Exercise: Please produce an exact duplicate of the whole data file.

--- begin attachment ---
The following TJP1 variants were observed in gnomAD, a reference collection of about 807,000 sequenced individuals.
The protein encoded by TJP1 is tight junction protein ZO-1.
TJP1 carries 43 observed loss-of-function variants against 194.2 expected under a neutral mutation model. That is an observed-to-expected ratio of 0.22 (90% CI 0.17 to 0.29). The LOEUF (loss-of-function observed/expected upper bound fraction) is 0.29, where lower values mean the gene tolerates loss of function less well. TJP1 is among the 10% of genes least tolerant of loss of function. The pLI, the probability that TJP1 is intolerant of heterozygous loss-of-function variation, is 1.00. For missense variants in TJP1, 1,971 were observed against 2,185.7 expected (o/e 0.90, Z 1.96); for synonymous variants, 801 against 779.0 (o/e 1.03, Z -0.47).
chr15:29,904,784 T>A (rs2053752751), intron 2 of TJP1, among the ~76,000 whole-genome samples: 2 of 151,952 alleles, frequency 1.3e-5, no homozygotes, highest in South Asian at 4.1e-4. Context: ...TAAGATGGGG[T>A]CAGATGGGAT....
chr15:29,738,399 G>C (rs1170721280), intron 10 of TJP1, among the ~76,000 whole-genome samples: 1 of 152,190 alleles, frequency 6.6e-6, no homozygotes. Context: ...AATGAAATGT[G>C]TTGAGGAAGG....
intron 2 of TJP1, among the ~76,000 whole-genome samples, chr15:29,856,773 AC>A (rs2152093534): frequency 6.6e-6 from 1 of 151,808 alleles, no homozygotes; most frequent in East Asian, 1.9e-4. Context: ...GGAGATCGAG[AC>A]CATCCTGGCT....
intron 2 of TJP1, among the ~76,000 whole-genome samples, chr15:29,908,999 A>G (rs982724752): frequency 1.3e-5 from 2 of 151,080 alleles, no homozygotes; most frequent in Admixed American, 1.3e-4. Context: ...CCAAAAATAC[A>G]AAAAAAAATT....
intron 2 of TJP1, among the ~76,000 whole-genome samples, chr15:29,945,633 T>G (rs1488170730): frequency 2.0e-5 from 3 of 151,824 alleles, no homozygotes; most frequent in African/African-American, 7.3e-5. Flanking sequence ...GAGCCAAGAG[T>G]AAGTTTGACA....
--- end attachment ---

The following TJP1 variants were observed in gnomAD, a reference collection of about 807,000 sequenced individuals.
The protein encoded by TJP1 is tight junction protein ZO-1.
TJP1 carries 43 observed loss-of-function variants against 194.2 expected under a neutral mutation model. That is an observed-to-expected ratio of 0.22 (90% CI 0.17 to 0.29). The LOEUF (loss-of-function observed/expected upper bound fraction) is 0.29, where lower values mean the gene tolerates loss of function less well. TJP1 is among the 10% of genes least tolerant of loss of function. The pLI, the probability that TJP1 is intolerant of heterozygous loss-of-function variation, is 1.00. For missense variants in TJP1, 1,971 were observed against 2,185.7 expected (o/e 0.90, Z 1.96); for synonymous variants, 801 against 779.0 (o/e 1.03, Z -0.47).
chr15:29,904,784 T>A (rs2053752751), intron 2 of TJP1, among the ~76,000 whole-genome samples: 2 of 151,952 alleles, frequency 1.3e-5, no homozygotes, highest in South Asian at 4.1e-4. Context: ...TAAGATGGGG[T>A]CAGATGGGAT....
chr15:29,738,399 G>C (rs1170721280), intron 10 of TJP1, among the ~76,000 whole-genome samples: 1 of 152,190 alleles, frequency 6.6e-6, no homozygotes. Context: ...AATGAAATGT[G>C]TTGAGGAAGG....
intron 2 of TJP1, among the ~76,000 whole-genome samples, chr15:29,856,773 AC>A (rs2152093534): frequency 6.6e-6 from 1 of 151,808 alleles, no homozygotes; most frequent in East Asian, 1.9e-4. Context: ...GGAGATCGAG[AC>A]CATCCTGGCT....
intron 2 of TJP1, among the ~76,000 whole-genome samples, chr15:29,908,999 A>G (rs982724752): frequency 1.3e-5 from 2 of 151,080 alleles, no homozygotes; most frequent in Admixed American, 1.3e-4. Context: ...CCAAAAATAC[A>G]AAAAAAAATT....
intron 2 of TJP1, among the ~76,000 whole-genome samples, chr15:29,945,633 T>G (rs1488170730): frequency 2.0e-5 from 3 of 151,824 alleles, no homozygotes; most frequent in African/African-American, 7.3e-5. Flanking sequence ...GAGCCAAGAG[T>G]AAGTTTGACA....